“I was four or five I ran away from home. It’s my earliest memory of wanting to find someone to love me,” a client shared with me.
“I think my mother-story started at birth. I was the first-born— a girl. Not the son my parents wanted. But perhaps the daughter upon whom my father doted. They quickly tried again. My brother, my mother’s favourite, arrived with lungs that never stopped yelling, 11 months after I was born.”
“Don’t show off,” her mother scolded my client, then a child, when she would come home from school with A’s. “Don’t do so well, you know your brother finds school hard.”
She told me that both her siblings later excelled commercially.
“Don’t do this. Don’t do that. Don’t be that. Don’t wear that. Don’t say that. Whack! Don’t be left-handed,” she was told with smack and smack.
“Don’t! Don’t. I soon lost myself. I became a mummy pleaser—or, rather, I tried. Bending over to try to be loved, keeping quiet when I wanted to cry or share something that made me happy. I pursued careers in accounting and banking to make my parents happy—at the cost of my own mental and emotional health.”
I can assure you people-pleasing is not a winner’s strategy. If someone has taken a dislike to you, sometimes, like a person who hates eating fish, their distaste never changes.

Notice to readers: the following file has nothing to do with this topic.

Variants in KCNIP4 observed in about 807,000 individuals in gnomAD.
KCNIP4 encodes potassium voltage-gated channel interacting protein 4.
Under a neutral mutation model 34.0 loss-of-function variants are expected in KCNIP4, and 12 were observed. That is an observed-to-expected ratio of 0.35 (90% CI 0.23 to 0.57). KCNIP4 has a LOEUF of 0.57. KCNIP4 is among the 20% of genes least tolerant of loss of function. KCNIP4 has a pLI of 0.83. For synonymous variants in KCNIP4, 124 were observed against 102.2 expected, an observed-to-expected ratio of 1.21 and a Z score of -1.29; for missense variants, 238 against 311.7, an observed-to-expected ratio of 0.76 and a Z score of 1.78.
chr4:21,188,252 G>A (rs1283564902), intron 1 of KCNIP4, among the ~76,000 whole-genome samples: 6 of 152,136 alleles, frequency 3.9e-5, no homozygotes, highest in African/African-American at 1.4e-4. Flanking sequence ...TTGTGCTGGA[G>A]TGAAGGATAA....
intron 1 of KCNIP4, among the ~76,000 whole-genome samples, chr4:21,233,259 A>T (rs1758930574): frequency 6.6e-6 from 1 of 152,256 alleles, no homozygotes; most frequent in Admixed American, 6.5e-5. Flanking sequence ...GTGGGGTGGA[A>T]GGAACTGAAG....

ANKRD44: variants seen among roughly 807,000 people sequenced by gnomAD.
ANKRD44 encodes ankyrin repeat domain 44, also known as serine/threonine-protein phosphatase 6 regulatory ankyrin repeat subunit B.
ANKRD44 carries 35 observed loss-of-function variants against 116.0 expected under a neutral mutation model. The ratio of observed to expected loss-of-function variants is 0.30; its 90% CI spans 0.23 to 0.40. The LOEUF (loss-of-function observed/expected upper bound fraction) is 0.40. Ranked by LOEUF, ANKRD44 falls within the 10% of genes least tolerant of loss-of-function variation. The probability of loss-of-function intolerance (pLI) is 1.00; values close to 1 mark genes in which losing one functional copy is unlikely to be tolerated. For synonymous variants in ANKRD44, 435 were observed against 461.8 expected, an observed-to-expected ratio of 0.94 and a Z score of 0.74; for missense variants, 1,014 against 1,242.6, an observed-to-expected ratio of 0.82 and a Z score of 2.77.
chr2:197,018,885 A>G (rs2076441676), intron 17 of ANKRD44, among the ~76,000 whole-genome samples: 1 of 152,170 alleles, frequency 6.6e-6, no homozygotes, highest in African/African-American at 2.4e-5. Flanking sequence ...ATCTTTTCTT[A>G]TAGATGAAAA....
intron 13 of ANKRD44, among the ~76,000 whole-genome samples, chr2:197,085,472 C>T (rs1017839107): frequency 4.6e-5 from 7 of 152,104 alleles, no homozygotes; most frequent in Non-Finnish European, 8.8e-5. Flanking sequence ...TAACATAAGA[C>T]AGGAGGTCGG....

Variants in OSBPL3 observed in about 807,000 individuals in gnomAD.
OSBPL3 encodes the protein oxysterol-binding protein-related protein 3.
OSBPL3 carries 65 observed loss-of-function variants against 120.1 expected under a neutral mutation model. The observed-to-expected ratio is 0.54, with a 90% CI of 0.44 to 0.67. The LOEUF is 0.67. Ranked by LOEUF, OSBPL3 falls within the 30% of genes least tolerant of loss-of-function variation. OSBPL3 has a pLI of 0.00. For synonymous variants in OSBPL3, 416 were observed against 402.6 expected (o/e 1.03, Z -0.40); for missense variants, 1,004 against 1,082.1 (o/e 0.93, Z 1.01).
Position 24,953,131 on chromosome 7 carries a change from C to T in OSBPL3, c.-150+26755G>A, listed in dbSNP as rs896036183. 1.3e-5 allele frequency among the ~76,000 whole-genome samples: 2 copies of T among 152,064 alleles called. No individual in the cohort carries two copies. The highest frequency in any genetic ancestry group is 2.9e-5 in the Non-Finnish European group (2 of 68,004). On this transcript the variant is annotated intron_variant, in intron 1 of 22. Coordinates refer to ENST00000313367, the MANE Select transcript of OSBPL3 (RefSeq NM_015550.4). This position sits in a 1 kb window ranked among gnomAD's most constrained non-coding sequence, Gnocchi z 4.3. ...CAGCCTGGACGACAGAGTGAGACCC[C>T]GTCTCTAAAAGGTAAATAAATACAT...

Nor should you.
If you can’t be loved by your mother unconditionally then love yourself unconditionally. Warts, pimples, freckles, flaws and extraordinary talents and all. Because you are a star. We all are. Some stars live in dark galaxies, and others need to live in the light to shine brightly.
Promise me you won’t play small to make others feel tall. Be greater today than the story of your past.
Everyone’s mean-mother story is unique. As one of my clients shared, “My issues with my Mum were a bit different. She definitely had a victim mentality and while she would say she was proud of me and my brother with our achievements, there was always a little dig about how much luckier we were than she was. She ‘took umbrage’ (her words) to everything and always seemed to turn an innocuous comment into a personal attack on her. Threatened suicide several times which meant every time I had a fight with her, I had to ring one of her friends afterwards to check in on her to make sure she hadn’t done anything stupid. I think when Dad left (when I was 15), she defined herself as a divorced woman and never recovered.”